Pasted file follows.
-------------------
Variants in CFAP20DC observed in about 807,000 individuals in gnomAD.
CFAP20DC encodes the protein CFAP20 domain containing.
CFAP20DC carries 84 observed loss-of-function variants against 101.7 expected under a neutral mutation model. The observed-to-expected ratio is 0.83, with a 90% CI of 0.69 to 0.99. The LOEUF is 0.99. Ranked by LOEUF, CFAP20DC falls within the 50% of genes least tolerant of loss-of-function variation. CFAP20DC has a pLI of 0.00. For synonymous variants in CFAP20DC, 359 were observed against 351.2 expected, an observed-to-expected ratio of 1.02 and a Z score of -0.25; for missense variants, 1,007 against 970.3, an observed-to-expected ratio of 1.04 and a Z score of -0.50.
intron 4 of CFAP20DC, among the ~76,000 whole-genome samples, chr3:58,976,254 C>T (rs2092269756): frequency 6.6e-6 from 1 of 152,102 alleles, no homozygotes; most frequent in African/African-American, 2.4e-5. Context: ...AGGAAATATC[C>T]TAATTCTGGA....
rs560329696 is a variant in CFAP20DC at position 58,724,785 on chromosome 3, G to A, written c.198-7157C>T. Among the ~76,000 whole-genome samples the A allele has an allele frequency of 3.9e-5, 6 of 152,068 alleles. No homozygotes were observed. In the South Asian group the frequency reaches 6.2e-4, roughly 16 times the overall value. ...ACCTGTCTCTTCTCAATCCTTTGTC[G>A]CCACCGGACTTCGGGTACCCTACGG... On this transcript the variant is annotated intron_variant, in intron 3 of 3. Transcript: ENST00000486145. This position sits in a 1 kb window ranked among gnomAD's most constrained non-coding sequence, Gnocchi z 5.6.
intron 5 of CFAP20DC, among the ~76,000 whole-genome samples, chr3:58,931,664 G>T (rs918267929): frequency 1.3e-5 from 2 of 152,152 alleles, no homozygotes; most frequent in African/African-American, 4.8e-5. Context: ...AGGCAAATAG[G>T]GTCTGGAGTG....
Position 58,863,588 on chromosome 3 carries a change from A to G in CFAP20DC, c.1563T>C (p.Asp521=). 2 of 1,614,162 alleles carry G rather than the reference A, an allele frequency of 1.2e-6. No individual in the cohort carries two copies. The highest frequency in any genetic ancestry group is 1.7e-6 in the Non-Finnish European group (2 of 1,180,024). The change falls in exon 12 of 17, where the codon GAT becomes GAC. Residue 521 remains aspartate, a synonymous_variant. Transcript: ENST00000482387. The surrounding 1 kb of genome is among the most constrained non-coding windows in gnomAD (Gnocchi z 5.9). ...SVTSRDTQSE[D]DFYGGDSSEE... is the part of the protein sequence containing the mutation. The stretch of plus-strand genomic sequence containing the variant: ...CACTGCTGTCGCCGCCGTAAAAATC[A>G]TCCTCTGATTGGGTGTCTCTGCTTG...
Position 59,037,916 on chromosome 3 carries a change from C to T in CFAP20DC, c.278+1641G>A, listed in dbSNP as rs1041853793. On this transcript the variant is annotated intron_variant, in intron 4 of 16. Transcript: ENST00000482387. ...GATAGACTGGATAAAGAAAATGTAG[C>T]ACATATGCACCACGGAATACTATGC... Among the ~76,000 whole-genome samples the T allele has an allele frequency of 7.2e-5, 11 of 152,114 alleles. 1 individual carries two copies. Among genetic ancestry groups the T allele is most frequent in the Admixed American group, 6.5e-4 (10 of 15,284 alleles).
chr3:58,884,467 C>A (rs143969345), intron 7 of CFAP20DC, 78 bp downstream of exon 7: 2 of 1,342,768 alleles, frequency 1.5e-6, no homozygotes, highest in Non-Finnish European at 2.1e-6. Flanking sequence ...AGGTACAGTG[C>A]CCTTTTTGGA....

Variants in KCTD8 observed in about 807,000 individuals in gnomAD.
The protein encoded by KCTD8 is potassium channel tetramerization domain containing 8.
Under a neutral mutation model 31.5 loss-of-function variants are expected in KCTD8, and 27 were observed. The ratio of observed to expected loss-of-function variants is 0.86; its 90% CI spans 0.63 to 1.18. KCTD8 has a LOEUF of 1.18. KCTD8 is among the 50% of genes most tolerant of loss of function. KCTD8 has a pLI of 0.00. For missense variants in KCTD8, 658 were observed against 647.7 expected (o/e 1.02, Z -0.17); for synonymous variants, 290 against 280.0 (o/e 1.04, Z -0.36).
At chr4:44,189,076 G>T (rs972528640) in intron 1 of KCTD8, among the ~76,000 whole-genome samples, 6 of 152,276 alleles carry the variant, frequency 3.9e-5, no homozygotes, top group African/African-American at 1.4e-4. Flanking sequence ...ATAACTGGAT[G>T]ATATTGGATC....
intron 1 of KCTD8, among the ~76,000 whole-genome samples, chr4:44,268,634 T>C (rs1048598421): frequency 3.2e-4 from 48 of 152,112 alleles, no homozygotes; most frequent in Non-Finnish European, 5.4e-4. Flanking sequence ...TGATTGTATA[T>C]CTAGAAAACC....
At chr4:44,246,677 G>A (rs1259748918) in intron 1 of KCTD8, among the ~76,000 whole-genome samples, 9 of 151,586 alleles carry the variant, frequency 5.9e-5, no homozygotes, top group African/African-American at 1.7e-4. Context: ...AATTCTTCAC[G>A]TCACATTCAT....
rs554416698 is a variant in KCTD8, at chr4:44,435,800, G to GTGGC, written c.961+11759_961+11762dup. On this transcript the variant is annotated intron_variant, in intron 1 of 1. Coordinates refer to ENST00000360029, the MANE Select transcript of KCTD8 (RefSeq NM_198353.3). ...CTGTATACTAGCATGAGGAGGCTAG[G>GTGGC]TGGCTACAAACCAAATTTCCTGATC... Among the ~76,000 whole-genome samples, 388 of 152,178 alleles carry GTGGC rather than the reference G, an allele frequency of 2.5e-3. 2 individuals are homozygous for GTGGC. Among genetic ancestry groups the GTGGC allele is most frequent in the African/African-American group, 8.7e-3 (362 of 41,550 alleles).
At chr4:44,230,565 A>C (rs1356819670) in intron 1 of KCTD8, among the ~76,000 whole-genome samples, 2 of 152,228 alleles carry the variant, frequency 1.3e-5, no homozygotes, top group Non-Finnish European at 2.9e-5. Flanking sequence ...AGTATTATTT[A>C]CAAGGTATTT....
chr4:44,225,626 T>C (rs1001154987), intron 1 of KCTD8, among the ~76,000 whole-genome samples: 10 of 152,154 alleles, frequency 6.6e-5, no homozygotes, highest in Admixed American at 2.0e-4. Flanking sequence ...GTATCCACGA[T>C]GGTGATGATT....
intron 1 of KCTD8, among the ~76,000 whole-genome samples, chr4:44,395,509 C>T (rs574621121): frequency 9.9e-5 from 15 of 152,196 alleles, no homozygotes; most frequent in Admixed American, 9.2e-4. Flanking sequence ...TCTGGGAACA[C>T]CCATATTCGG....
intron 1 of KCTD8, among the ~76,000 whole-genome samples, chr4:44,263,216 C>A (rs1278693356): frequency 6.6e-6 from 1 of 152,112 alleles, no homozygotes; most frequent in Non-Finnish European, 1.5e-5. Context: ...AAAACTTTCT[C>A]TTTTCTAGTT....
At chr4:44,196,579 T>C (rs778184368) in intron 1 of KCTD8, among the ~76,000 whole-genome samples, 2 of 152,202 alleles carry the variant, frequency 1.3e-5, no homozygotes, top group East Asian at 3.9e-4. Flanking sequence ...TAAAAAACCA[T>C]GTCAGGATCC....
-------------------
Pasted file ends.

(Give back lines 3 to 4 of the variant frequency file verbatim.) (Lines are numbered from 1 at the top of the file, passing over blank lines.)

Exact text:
CFAP20DC carries 84 observed loss-of-function variants against 101.7 expected under a neutral mutation model. The observed-to-expected ratio is 0.83, with a 90% CI of 0.69 to 0.99. The LOEUF is 0.99. Ranked by LOEUF, CFAP20DC falls within the 50% of genes least tolerant of loss-of-function variation. CFAP20DC has a pLI of 0.00. For synonymous variants in CFAP20DC, 359 were observed against 351.2 expected, an observed-to-expected ratio of 1.02 and a Z score of -0.25; for missense variants, 1,007 against 970.3, an observed-to-expected ratio of 1.04 and a Z score of -0.50.
intron 4 of CFAP20DC, among the ~76,000 whole-genome samples, chr3:58,976,254 C>T (rs2092269756): frequency 6.6e-6 from 1 of 152,102 alleles, no homozygotes; most frequent in African/African-American, 2.4e-5. Context: ...AGGAAATATC[C>T]TAATTCTGGA....